Abstract: We investigate how a large-scale French reform to reduce the risk from small business creation for unemployed workers, affects the composition of people who are drawn into entrepreneurship. New firms started in response to the reform are, on average, smaller, but have similar growth expectations and education levels compared to start-ups before the reform. They are also as likely to survive or to hire. However, there are large crowd-out effects: Employment in incumbent firms decreases by a similar magnitude as the number of new jobs created in start-ups. These results point to the importance of Schumpeterian dynamics when facilitating entry.
    Keywords: Entrepreneurship; Unemployment insurance; Crowding out
    JEL: G00
    Date: 2013–07–09
  7. By: Anna Klabunde
    Abstract: Trust is an important determinant of start-up fi nancing. In a simple agentbased model it is determined what the best trusting strategy is for a collective of investors and whether it is rational for an individual investor to deviate from this collective optimum. Trust depends on a measure of social distance and is the precondition for investment. Trust increases and decreases based on whether an investor is satisfied with the interest payments received from an entrepreneur. If an investor is dissatisfi ed, he terminates the relation with the entrepreneur. For assessing the quality of their own investments, investors communicate with other investors in a network-like structure. I find that, as a collective, it is best for investors to compare their returns critically in order to identify unproductive entrepreneurs, but to be tolerant regarding existing links to entrepreneurs in order not to terminate profitable relations because of minor productivity drops. However, it is optimal for an individual investor to deviate from this strategy and to be less easily disappointed, but to decrease trust in larger steps. In a sense, an individual investor can freeride on the others’ critical assessment. If all investors behave according to this latter strategy, too many unproductive firms remain in the market and the average investor’s return is lower than in the collective optimum.
    Keywords: Business angel investment; trust; entrepreneurship; agent-based simulation
    JEL: C63 G02 G24 L26
    Date: 2013–11
  8. By: Matthew Beacham; Bipasa Datta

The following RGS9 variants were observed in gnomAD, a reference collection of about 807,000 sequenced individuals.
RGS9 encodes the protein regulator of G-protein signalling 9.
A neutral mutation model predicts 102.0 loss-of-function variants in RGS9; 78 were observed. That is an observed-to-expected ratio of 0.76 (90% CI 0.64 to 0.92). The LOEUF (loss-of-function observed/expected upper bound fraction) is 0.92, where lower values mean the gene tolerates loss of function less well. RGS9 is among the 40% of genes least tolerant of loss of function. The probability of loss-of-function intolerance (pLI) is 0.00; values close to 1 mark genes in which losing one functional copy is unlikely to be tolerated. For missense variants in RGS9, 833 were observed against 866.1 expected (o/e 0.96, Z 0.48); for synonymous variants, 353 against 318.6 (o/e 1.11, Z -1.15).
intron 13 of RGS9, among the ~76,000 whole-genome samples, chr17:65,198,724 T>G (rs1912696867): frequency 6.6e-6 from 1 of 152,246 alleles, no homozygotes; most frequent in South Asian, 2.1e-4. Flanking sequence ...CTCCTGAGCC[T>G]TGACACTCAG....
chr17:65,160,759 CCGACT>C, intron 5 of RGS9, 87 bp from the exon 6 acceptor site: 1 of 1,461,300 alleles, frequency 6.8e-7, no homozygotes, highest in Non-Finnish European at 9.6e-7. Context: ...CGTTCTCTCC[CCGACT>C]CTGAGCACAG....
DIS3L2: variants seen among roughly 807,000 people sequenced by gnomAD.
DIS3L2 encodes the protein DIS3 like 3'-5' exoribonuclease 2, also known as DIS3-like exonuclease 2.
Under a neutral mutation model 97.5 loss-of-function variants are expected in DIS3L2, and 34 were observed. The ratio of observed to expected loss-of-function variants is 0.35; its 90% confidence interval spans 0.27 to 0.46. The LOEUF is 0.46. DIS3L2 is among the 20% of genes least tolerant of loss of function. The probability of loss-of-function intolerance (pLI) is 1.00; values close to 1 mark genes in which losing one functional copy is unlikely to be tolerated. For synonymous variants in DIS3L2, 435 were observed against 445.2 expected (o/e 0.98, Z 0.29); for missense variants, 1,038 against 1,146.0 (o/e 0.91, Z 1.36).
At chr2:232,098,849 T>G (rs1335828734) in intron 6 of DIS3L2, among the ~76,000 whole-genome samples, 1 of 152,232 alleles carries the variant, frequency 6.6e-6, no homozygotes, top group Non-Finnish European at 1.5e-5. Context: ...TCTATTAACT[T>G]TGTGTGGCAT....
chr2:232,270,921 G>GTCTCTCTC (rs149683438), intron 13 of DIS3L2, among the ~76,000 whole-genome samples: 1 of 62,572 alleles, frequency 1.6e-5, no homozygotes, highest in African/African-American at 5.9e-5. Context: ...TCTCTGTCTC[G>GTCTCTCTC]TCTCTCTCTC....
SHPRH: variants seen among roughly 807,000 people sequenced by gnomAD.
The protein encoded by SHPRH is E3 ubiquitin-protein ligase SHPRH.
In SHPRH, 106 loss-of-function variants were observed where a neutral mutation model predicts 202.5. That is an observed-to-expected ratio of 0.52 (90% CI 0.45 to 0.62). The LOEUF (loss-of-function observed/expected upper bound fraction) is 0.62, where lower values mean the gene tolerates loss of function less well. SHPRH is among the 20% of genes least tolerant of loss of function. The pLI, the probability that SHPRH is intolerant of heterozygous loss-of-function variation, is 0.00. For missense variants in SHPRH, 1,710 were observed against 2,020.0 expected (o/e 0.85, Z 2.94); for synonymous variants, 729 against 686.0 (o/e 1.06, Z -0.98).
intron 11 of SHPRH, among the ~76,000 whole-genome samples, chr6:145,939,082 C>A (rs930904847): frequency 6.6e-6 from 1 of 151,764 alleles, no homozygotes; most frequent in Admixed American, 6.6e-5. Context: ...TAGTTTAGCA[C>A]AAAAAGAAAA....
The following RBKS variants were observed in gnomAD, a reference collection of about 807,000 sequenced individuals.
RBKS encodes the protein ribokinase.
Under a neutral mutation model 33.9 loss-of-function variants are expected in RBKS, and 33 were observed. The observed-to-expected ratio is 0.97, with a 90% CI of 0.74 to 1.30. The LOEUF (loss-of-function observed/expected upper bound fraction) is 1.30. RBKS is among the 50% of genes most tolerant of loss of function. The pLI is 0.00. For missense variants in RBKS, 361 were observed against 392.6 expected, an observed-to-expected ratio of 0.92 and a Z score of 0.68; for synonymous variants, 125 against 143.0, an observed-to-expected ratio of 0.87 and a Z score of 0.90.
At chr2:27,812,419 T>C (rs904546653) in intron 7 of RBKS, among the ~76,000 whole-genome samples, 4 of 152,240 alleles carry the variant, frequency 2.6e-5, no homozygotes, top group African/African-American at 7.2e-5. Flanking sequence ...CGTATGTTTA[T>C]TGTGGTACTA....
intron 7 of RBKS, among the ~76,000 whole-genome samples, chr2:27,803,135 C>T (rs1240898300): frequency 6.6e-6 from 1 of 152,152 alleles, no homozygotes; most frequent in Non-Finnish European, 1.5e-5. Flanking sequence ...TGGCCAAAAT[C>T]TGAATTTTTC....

Abstract: It is well established in the empirical literature that venture capital (VC) plays an important role in the promotion of innovation at industry level and the professionalisation of firms at micro-level. Whilst the VC-to-success link has been well explored, the mechanism behind how and why certain venture-backed firms are apparently more successful is an important question that has been largely ignored within the majority of the literature. In this paper, we fill this gap by specifically analysing firms' pre- and post-VC investment decisions. By considering a two period, multi-stage game, we analyse whether VC spurs innovation (i) directly after being granted; (ii) indirectly by incentivising firms to increase initial research efforts to increase their chances of receiving VC funding and its associated benefits; or (iii) a combination of both. Our results show that VC has both direct and indirect effects on firms' innovation decisions regardless of whether the firm is successful in securing VC funding or not. Furthermore, we find that the commonly held assertion that venture capital spurs success is too simplistic: whilst venture capital spurs innovation amongst the lucky, chosen few, it unambiguously suppresses innovation of non-VC-backed firms, a result that has been overlooked in the empirical literature. The issue of `who becomes the winner' in the final product market however is ultimately dependent upon the extent of heterogeneity amongst firms. Further, we show that VC funding, equity stake and value-adding services all have impacts upon firms' incentives to invest in the first stage.